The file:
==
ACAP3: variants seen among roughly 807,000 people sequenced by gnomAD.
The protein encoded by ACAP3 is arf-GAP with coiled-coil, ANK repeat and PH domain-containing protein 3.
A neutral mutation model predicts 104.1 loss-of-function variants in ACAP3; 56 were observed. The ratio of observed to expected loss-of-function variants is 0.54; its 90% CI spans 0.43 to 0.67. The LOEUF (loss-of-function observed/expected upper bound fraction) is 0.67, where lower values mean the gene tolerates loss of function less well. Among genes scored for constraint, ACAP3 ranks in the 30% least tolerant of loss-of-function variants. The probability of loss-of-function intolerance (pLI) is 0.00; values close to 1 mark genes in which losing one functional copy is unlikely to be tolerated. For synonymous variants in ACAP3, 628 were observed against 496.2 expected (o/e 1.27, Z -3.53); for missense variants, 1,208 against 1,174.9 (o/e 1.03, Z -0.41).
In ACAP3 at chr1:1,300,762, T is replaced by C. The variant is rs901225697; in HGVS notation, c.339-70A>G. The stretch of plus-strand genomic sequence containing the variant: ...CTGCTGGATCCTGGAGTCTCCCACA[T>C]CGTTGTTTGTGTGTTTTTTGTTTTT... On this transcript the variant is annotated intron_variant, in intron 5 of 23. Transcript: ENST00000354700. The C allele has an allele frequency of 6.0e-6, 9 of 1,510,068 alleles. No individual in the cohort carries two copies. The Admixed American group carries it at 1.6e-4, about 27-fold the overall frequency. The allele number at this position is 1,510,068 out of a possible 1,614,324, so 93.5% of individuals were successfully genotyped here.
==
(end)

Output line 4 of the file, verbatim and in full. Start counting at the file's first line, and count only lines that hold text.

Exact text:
In ACAP3 at chr1:1,300,762, T is replaced by C. The variant is rs901225697; in HGVS notation, c.339-70A>G. The stretch of plus-strand genomic sequence containing the variant: ...CTGCTGGATCCTGGAGTCTCCCACA[T>C]CGTTGTTTGTGTGTTTTTTGTTTTT... On this transcript the variant is annotated intron_variant, in intron 5 of 23. Transcript: ENST00000354700. The C allele has an allele frequency of 6.0e-6, 9 of 1,510,068 alleles. No individual in the cohort carries two copies. The Admixed American group carries it at 1.6e-4, about 27-fold the overall frequency. The allele number at this position is 1,510,068 out of a possible 1,614,324, so 93.5% of individuals were successfully genotyped here.